C (Colgate Total 12 Ò Professional, Colgate-Palmolive Company) Active ingredients: sodium fluoride 0.24% (0.14% w/fluoride ion), triclosan 0.3%.
Inactive ingredients: hydrated silica, water, glycerin, sorbitol, sodium lauryl sulfate, copolymer PVM/MA, flavor, cellulose gum, propylene glycol, sodium hydroxide, carrageenan, sodium fluoride, triclosan, sodium saccharin, artificial dyes. CI 77891.
OB (Oral-B Whitening, Procter & Gamble) Active ingredients: stannous fluoride 0.454% (0.16% w/fluoride ion).
Inactive ingredients: glycerin, hydrated silica, sodium hexametaphosphate, propylene glycol, PEG-6, water, zinc lactate, trisodium phosphate, flavor, sodium lauryl sulfate, sodium gluconate, carrageenan, sodium saccharin, polyethylene, xanthan gum, mica, titanium dioxide, blue dyes.

Source: Camargo SEA, et al. 13

The toothpaste samples were placed in 24-well plates (0.2 g per mL) and they were covered with 3 mL of Dulbecco’s Modified Eagle Medium (DMEM) supplemented with 10% fetal bovine serum, penicillin, and streptomycin, and incubated in the dark for 24 hours at 37 o C. After incubation, these original solutions (1:1) were then serially diluted in cell culture medium and filter sterilized before testing.

Methyl tetrazolium test (MTT)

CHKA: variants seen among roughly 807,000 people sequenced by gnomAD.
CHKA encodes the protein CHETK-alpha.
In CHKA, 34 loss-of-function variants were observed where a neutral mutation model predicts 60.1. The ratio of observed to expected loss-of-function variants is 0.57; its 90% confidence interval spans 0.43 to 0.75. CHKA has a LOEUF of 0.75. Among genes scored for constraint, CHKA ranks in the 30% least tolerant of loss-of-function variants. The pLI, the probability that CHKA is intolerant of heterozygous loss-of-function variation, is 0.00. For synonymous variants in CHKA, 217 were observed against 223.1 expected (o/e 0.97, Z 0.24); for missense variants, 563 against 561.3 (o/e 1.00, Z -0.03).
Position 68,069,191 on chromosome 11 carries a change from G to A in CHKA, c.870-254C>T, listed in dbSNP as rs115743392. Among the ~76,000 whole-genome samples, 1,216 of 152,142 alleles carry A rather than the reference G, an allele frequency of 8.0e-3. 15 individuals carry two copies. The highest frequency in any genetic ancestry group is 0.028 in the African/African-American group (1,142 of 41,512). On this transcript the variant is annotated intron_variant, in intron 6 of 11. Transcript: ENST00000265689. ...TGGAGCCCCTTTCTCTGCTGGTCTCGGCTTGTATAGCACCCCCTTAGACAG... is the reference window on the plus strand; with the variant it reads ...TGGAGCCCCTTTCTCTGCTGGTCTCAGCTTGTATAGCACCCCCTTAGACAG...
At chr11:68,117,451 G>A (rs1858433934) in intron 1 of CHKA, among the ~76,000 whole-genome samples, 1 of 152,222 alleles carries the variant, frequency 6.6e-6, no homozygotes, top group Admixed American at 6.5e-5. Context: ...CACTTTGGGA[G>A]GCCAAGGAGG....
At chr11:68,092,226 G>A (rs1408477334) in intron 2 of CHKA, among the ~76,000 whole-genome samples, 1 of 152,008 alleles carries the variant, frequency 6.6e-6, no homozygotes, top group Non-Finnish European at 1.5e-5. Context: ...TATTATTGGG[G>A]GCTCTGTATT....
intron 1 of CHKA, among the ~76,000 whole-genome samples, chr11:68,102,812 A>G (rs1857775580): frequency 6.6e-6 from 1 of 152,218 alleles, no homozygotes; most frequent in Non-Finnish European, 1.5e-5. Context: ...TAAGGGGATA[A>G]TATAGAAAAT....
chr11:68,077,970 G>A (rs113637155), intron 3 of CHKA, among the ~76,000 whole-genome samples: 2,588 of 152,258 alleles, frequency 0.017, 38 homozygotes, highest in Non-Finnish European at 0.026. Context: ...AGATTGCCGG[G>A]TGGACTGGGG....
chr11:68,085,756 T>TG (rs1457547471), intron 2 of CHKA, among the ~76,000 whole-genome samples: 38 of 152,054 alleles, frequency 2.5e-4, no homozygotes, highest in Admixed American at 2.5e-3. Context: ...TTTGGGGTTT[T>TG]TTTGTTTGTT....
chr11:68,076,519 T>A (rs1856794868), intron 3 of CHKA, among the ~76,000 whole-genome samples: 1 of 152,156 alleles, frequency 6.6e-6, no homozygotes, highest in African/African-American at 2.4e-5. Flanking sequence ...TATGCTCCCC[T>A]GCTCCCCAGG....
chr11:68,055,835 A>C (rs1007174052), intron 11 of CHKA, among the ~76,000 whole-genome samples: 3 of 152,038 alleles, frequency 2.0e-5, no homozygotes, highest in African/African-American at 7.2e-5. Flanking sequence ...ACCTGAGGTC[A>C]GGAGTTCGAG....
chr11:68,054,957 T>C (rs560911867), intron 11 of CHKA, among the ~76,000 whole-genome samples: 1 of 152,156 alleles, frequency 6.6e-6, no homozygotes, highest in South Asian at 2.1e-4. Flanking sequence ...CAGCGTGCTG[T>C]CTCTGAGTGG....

Human gingival fibroblasts (hGF) were routinely cultivated in DMEM supplemented with 10% fetal bovine serum, penicillin, and streptomycin at 37 o C and 5% CO 2 . The cells were seeded at 8 x 10 3 cells/well in 96-well plates and incubated for 24 hours at 37 o C. The spectrophotometric readings indicate the level of cellular metabolic activity. Such activity represents the inhibition of succinyl dehydrogenase activity by the contact between the cells and the toothpaste solutions. The cells were exposed to 200 ?L of the original solutions (1:1) and serially diluted to 1:2, 1:4, 1:8, 1:16, and 1:32. After 2 minutes of stimulation (the recommended and the applied average toothbrushing time), 14 , 15 the cells were washed with phosphate-buffered saline (PBS) to neutralize the further effects of the toothpastes on the cells. Cell survival rate was determined by using the MTT assay (Sigma-Aldrich, St Louis, USA). A volume of 100 ?L of MTT solution was added to each well and the cells were incubated for 2 hours. The resulting formazan crystals were dissolved by removing the culture medium and adding 100 ?L of dimethyl sulfoxide solvent (Sigma-Aldrich) to each well. The plates were shaken at room temperature for 10 minutes to dissolve the crystals and were then analyzed using a microplate reader. Enzyme inhibition was quantified using a spectrophotometer (Asys Hitech GmbH, Eugendorf, Austria) at 570 nm. Four replicate cell cultures were exposed to each of the serial dilutions of the solutions in three independent experiments. The absorbance readings were normalized in untreated control cultures (= 100%) and the differences between the median values were statistically analyzed by the Mann-Whitney U test for comparison among groups and the two-way-ANOVA post-test at a significance level of 5% (Graphpad Prism, version 6.0; La Jolla, USA).